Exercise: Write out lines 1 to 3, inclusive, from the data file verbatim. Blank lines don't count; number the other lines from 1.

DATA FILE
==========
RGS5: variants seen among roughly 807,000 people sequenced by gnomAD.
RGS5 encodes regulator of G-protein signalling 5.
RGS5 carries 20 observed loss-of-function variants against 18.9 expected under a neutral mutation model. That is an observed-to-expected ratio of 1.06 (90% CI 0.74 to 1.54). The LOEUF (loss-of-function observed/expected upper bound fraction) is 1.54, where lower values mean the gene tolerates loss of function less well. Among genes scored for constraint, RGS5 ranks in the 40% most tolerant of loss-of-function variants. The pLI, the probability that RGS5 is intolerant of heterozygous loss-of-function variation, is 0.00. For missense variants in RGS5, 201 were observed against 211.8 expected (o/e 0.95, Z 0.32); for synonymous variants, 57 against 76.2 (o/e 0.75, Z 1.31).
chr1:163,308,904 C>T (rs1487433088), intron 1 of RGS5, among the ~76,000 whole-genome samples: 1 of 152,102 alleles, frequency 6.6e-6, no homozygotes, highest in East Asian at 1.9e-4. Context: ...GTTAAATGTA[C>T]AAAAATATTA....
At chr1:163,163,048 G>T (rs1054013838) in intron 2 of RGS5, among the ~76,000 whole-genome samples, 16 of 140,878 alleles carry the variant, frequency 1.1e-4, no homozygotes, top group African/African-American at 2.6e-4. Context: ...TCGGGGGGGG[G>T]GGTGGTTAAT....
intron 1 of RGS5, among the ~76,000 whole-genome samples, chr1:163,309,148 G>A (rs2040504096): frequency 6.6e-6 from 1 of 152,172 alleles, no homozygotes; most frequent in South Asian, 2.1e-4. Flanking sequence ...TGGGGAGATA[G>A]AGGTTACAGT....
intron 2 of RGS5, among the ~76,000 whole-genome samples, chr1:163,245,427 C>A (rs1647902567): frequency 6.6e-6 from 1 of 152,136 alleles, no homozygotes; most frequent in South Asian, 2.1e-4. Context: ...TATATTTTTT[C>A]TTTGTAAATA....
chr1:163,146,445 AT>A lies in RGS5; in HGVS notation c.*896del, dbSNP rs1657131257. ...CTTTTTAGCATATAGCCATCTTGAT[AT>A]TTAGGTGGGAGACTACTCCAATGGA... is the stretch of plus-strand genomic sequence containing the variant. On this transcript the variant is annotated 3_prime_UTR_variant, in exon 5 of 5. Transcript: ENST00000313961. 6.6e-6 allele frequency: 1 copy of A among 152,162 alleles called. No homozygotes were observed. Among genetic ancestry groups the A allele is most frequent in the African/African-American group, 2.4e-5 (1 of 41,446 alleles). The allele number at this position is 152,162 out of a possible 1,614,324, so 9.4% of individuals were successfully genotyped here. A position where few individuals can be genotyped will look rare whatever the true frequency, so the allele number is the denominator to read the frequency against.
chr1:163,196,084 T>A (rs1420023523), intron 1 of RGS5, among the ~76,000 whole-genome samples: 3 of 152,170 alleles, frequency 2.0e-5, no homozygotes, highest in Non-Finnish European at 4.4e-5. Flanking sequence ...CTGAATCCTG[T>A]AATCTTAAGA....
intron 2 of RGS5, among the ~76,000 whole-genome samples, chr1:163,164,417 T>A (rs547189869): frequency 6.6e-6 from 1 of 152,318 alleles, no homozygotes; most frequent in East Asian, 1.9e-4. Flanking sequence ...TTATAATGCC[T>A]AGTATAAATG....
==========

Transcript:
RGS5: variants seen among roughly 807,000 people sequenced by gnomAD.
RGS5 encodes regulator of G-protein signalling 5.
RGS5 carries 20 observed loss-of-function variants against 18.9 expected under a neutral mutation model. That is an observed-to-expected ratio of 1.06 (90% CI 0.74 to 1.54). The LOEUF (loss-of-function observed/expected upper bound fraction) is 1.54, where lower values mean the gene tolerates loss of function less well. Among genes scored for constraint, RGS5 ranks in the 40% most tolerant of loss-of-function variants. The pLI, the probability that RGS5 is intolerant of heterozygous loss-of-function variation, is 0.00. For missense variants in RGS5, 201 were observed against 211.8 expected (o/e 0.95, Z 0.32); for synonymous variants, 57 against 76.2 (o/e 0.75, Z 1.31).